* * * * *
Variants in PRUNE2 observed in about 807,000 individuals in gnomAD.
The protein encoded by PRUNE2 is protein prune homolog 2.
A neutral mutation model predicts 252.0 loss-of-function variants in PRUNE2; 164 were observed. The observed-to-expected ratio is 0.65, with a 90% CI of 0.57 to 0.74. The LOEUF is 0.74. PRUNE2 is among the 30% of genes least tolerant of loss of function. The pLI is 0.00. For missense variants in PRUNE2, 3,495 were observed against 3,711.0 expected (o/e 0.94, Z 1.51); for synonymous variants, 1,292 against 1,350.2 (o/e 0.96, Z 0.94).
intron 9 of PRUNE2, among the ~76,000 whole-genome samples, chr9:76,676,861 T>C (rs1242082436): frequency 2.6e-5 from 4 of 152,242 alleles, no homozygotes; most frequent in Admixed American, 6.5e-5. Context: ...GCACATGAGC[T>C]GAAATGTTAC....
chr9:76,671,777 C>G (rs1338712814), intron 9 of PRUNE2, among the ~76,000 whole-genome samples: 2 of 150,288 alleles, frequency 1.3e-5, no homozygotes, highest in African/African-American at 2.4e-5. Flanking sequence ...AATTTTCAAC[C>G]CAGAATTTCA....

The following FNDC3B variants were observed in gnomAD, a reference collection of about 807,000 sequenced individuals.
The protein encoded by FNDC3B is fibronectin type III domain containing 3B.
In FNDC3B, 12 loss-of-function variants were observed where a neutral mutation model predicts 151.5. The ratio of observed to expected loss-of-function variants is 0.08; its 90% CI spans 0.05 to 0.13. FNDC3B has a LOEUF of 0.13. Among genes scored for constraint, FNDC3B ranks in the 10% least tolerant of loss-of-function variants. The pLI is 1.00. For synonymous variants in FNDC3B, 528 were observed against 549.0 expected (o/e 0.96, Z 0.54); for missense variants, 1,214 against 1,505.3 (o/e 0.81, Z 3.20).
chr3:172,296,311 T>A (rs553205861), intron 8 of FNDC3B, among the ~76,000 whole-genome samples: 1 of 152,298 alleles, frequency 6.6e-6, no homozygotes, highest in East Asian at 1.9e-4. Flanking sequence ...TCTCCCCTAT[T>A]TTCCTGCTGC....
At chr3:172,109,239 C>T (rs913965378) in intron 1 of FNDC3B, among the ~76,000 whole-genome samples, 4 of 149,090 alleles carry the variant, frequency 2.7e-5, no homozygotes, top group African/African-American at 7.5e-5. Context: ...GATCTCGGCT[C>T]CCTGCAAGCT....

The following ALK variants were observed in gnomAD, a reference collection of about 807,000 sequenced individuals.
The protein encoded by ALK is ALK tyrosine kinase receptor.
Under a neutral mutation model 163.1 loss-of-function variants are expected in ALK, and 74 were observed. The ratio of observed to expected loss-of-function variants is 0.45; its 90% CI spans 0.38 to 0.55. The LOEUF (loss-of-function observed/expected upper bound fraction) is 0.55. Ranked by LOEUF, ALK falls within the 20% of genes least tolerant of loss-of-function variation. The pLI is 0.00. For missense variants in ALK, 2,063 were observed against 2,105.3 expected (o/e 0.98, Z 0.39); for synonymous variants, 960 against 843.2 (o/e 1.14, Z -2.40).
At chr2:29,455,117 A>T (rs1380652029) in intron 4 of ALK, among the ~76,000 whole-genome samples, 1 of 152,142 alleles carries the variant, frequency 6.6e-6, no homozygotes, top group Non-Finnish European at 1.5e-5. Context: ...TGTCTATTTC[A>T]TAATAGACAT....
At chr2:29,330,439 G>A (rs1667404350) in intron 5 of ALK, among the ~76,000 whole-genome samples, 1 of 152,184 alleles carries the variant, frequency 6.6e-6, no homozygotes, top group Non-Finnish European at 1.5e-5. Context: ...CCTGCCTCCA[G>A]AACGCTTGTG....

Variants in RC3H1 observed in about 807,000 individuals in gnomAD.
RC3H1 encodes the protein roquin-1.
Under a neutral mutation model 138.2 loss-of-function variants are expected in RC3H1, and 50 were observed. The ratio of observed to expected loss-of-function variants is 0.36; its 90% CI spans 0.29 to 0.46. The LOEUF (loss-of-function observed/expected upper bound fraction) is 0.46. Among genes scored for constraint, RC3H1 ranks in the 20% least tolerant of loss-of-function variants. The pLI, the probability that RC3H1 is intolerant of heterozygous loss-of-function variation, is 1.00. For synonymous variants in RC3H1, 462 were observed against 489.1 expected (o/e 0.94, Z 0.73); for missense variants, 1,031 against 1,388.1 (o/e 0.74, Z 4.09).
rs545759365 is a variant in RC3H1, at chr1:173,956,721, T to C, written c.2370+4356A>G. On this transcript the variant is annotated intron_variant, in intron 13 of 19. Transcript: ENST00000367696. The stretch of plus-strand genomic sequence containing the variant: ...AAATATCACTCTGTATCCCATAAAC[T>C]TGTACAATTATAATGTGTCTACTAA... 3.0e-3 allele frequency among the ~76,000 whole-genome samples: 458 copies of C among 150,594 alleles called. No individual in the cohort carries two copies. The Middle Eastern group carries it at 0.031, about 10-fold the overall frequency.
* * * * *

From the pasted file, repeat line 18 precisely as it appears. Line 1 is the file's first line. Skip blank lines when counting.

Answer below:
Under a neutral mutation model 138.2 loss-of-function variants are expected in RC3H1, and 50 were observed. The ratio of observed to expected loss-of-function variants is 0.36; its 90% CI spans 0.29 to 0.46. The LOEUF (loss-of-function observed/expected upper bound fraction) is 0.46. Among genes scored for constraint, RC3H1 ranks in the 20% least tolerant of loss-of-function variants. The pLI, the probability that RC3H1 is intolerant of heterozygous loss-of-function variation, is 1.00. For synonymous variants in RC3H1, 462 were observed against 489.1 expected (o/e 0.94, Z 0.73); for missense variants, 1,031 against 1,388.1 (o/e 0.74, Z 4.09).